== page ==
I'll second Scud's suggestions. The Arduino with something other than a contactor is the way to go. I believe you would see much better long term reliability by avoiding the contactor.

You may also want to consider an LCD for the Arduino for status information and it would let you do a nifty menu for setup and control. Something like this would be pretty nifty (Note the Arduino is not included)

http://www.ekitszone.com/index.php?main_page=product_info&products_id=2

broadband155
04-22-2009, 09:51 AM
Thanks for that. I think I will stick with contactors for now. The bakery is very noisy and one of the ovens has contactors as a trial and they aren't too bad really.

I had a look in the shop on the site here and there are a few different Arduino products but none of them look like what I need. I'm sure this is just my lack of knowledge. Is there a board with an Arduino in it that has plenty of I/O built in? Perhaps a developer kit? Also, is there an LCD module that I could use with it?

Thanks, Neil.

jes1510
04-22-2009, 09:58 AM
You would need an arduino, some kind of driver board for the contactor that you will probably have to build, and something like the LCD shield I linked above.

broadband155
04-22-2009, 10:04 AM
Great to have so many replies so quickly. I replied above before reading the last two:)

I have no real problem with five units instead of one except for cost and convenience but neither is too big a deal. One thing I did think is that there may be some interaction between ovens in the future. It is a long shot but there is heat transfer between ovens and for example, if oven three in being used on its own, in theory it will be harder to heat than if two and four are on also.

If this really is a noticeable problem, it would make sense to have the controller compensate for it.

On the contactors, you guys have me thinking now. It seems that a contactor lasts a long time in this application. Apparently several years. And they are cheap to buy. I guess I will look into cost and ease of installation and decide then.

One other consideration is replacement cost. Any electrician can easily replace a contactor.

Thanks again for all the replies.

Adrenalynn
04-22-2009, 12:08 PM
And they may fail closed rather than fail open. That could be a bad sorta thing in that environment - no?

ScuD
04-22-2009, 01:34 PM
Since I have no experience with industrial bakery ovens, what kind of power are we talking about here? 5kW? 500W?

Adrenalynn
04-22-2009, 02:21 PM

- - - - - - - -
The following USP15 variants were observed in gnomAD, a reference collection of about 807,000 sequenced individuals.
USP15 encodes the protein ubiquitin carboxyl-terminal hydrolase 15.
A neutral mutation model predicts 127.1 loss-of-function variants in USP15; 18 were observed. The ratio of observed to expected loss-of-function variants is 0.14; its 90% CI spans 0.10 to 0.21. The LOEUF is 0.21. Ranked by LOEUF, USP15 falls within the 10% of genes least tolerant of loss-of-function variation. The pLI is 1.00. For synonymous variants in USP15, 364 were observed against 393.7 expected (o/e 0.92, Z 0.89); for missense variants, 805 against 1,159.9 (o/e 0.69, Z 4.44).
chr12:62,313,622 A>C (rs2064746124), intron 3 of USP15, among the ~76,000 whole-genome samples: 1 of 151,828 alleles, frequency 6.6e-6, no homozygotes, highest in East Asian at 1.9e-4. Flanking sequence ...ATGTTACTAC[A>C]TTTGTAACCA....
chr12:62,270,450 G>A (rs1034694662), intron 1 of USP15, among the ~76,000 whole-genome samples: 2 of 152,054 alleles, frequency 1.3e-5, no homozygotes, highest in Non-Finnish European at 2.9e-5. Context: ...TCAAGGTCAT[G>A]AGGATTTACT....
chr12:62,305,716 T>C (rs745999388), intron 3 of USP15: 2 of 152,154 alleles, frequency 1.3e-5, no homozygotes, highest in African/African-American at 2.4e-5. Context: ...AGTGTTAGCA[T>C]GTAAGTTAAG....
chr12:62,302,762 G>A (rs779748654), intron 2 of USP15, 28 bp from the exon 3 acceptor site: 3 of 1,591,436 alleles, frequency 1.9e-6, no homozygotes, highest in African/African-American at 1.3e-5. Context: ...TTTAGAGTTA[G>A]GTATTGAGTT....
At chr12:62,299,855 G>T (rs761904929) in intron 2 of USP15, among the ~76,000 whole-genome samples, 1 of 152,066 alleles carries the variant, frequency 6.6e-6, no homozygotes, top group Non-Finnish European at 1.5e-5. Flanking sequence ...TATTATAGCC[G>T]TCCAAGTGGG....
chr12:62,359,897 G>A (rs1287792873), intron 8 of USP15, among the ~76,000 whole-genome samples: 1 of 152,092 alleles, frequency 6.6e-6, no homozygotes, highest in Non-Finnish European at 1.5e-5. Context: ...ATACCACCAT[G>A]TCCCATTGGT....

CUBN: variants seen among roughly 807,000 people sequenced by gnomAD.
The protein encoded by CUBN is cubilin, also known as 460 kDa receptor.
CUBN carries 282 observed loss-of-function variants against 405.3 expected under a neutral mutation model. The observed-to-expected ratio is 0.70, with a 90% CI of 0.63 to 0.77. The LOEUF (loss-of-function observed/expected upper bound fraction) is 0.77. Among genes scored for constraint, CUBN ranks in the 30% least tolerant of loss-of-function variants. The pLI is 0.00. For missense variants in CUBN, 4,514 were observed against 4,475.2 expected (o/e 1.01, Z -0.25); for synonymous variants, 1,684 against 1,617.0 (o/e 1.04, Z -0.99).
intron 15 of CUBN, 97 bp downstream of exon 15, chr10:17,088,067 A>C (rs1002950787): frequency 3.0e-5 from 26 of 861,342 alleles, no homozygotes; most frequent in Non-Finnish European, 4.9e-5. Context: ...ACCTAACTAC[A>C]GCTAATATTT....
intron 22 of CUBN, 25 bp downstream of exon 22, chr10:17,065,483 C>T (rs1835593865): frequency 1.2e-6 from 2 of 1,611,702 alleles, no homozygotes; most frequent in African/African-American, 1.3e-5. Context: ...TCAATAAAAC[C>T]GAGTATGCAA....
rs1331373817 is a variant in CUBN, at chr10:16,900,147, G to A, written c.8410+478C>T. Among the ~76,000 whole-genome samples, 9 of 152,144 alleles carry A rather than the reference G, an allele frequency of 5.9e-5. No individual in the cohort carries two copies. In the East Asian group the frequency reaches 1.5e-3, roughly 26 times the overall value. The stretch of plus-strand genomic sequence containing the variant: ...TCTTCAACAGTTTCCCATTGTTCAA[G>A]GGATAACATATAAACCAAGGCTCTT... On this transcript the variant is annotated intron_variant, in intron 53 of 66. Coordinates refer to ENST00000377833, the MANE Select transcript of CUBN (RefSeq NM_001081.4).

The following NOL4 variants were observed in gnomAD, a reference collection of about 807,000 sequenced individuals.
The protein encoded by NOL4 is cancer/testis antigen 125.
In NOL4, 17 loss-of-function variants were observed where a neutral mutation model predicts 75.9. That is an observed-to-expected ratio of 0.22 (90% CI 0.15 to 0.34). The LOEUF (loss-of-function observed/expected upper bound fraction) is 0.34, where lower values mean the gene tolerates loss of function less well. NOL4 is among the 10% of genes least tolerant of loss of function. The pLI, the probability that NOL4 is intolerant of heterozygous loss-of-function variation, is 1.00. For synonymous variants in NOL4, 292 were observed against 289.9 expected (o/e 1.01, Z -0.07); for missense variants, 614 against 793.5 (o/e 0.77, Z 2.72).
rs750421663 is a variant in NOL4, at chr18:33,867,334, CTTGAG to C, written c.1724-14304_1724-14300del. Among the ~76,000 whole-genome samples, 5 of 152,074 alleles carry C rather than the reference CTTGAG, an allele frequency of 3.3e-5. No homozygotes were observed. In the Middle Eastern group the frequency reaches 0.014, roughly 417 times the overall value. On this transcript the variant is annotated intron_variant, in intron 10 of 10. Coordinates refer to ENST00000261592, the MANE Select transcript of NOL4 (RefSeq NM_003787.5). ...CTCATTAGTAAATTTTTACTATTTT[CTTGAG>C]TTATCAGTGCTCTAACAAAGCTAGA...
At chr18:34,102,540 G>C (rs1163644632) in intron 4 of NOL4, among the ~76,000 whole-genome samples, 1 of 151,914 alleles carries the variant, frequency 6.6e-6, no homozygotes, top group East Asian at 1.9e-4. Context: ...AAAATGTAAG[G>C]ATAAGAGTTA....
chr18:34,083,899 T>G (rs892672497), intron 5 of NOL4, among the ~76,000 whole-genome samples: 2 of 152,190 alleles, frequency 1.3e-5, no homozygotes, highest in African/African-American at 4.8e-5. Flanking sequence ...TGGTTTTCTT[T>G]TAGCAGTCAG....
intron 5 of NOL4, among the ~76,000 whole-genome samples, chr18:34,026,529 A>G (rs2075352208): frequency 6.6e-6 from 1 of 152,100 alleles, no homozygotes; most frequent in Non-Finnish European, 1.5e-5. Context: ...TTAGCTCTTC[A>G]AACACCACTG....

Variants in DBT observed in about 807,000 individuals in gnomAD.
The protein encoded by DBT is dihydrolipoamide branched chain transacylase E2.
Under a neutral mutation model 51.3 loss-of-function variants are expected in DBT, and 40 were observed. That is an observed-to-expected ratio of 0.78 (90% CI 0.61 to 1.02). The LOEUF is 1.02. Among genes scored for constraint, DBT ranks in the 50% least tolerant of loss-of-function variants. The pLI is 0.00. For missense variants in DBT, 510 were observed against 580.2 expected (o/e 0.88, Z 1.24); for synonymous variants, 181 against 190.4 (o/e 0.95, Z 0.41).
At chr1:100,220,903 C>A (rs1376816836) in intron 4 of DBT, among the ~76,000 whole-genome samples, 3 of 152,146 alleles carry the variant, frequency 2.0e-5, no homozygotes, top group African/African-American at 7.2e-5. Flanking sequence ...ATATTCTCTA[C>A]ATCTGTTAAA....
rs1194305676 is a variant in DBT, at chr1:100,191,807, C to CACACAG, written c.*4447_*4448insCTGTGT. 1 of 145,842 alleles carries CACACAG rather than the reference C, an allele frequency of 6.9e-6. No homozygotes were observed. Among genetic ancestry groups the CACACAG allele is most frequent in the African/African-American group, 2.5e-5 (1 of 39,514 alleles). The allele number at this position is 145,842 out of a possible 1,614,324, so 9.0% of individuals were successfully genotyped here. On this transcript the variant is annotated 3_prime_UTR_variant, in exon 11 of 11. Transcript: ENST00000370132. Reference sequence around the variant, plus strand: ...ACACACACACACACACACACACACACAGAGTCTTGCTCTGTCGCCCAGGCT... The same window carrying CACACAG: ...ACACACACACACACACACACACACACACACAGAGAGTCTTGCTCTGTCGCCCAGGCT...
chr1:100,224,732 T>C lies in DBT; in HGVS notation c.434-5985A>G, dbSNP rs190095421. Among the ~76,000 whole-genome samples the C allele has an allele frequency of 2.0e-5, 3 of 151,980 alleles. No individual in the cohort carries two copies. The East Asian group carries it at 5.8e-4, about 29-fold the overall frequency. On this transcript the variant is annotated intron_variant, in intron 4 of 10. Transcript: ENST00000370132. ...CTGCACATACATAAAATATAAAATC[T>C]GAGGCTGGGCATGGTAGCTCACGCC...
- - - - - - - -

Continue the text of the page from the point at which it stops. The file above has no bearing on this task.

It's gotta be up there. A typical home oven could typically run 7200 watts peak. I've never even seen an electric industrial kitchen, so I would be interested to know.

broadband155
04-22-2009, 04:00 PM
There are three elements top and three bottom for each oven. They are around 1kW each element, so the contactor or other switching device needs to switch 3kW for each half of the oven.

I forgot to mention also that we have a three phase supply and the oven is wired for it, so it makes sense to feed a phase to each element. Otherwise, I would be switching 3kW on and off on a single phase very often which isn't very desirable.

Again, thanks for all the interest in my question and hopefully my first microprocessor project.

broadband155
04-22-2009, 05:21 PM
I was just reading a bit of this months Elektor magazine and it has 'Experimenting with the MSP430' and a companion article about 'beginning C programming'. It seems that C is a good language to learn but I don't know if it is beyond me at the start.

Can the Arduino be programmed with C, or would the MSP430 be a better option perhaps? I know there are so many different options out there that I could look forever but I didn't want to get into the wrong platform or something I get stuck on as too high a learning curve.

lnxfergy
04-22-2009, 05:45 PM
Just about any micro out there can be programmed in C. I'm not sure there is a GCC (free c compiler) for the MSP family. Even if there was, I'd recommend the Arduino/AVR architecture simply due to size of the user (hobbiest) community being so much larger.

-Fergs

Testing2000
04-23-2009, 10:09 PM
Greetings Broadband,

Something I know a bit about is thermal controls. I build, teach and maintain thermal control systems for testing space flight components. I have 15 thermal vacuum chambers and 9 thermal cycle chambers (atmospheric pressure) You don't need desktop control or programming to do this. The temperature should be in the baker's hands, Right?